August 2005

Thought Provoking Books and Articles

Two books highlight the relevance of mental models to achieving dramatic gains in business performance.


Leading Strategic Change - Breaking Through the Brain Barrier

by J. Stewart Black and Hal B. Gregersen
2003, Financial Times Prentice Hall

"Unlocking individual change starts and ends with the mental maps people carry in their heads - how they see the organization and their jobs." This book is the best I have read in depicting the implications of mental maps and how leaders can alter them. The strength of the book is in descriptions of specific approaches that leaders can take to have people see: (1) what is outside their mental map, (2) actions to take and (3) how to cross the finish line. The need for contrast and confrontation in enabling people to see beyond their mental maps is emphasized.


 

The Power of Impossible Thinking

by Yoram (Jerry) Wind, Colin Crook with Robert Gunther
2005, Wharton School Publishing

"One of our most enduring - and perhaps limiting - illusions is our belief that the world we see is the real world. We rarely question our own models of the world until we are forced to.

Part 1: Recognize the power and limits of mental models

Part 2: Keep your models relevant

Part 3: Transform your world

Part 4: Act quickly and effectively

The book is a good introduction to mental models for someone unfamiliar with the concept. It provides useful examples that help to get the point across. It describes thinking and conversational techniques to help leaders encourage deeper examination of situations by their staffs. We found the book particularly strong in the ways that mental models introduce distortions and in the techniques to become aware of specific limiting assumptions. We found the book lacking in substance regarding moving from awareness to innovative action on an enterprise level.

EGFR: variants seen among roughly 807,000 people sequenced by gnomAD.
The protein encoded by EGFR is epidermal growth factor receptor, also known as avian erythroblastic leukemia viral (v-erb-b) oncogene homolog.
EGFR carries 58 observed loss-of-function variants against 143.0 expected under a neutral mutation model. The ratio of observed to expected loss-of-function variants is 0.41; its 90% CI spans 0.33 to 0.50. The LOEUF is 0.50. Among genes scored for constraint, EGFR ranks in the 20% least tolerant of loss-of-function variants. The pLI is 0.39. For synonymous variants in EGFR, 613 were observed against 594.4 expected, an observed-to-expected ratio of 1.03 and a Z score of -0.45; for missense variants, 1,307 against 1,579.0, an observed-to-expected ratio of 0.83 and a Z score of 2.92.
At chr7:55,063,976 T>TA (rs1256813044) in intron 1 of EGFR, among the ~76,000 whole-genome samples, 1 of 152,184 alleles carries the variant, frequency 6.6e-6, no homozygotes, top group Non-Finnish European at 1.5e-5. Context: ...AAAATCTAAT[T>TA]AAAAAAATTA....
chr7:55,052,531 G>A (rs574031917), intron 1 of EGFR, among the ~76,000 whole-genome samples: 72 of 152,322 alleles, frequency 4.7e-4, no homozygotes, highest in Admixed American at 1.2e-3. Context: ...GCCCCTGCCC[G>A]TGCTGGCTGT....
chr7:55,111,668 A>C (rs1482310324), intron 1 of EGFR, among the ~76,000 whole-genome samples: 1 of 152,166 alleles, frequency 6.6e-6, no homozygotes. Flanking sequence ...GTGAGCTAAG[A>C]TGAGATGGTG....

What Other People Say May Change What You See

by Sandra Blakeslee
The New York Times, Tuesday, June 28, 2005, Science Times page F3
www.nytimes.com

A new study uses advanced brain-scanning technology to cast light on social conformity.  Social conformity shows up in the brain as activity in regions entirely devoted to perception.  Independent judgment – standing up for one’s beliefs - shows up as activity in brain areas involved in emotion. 

In light of Innovate’s work in the area of Shifting Mental Models, this research substantiates our working premise that mental models operate to alter the way people perceive and organize the world.  Mental models affect us without our awareness or knowledge and without giving us the opportunity to think.  When we engage people to operate from ‘what they stand for’,  we introduce a new factor that enables people to break from social conformity.  This enables people to stand out from the group.  

The research was published June 22, 2005 in the online edition of Biological Psychiatry.


 

The Framing Wars

by Matt Bai
The New York Times, Sunday, July 17, 2005, Magazine page 38
www.nytimes.com

Matt Bai, a contributing writer on national politics, discusses the work of George Lakoff, a linguistics professor at Berkeley.  Dr. Lakoff is a distinguished thinker in cognitive science and the manner in which language shapes peoples perceptions and attitudes.  The work of Dr. Lakoff is used to highlight new thinking regarding how the use of language is reshaping political battles.  The basic concept is framing -- establishing through metaphor, story and repetition a single theme that has powerful unconscious, emotional influence.  When an issue is powerfully framed in a person’s mind it becomes an unshakeable conclusion.  Further communication is automatically fit into that conclusion.  Neither facts nor arguments persuade as effectively as framing. 


 

How to Make Great Decisions

Special issue of Fortune Magazine, June 27,2005
www.fortune.com

The issue contains an engaging interview with Jim Collins author of “Built to Last” and “Good to Great”.  Jim discusses his findings regarding ‘what accounts for great outcomes.’

An article on nine decision-making pitfalls by Michael Useem and Jerry Useem highlight design flaws in thinking that can have big consequences.

The issue contains other worthwhile articles.

 

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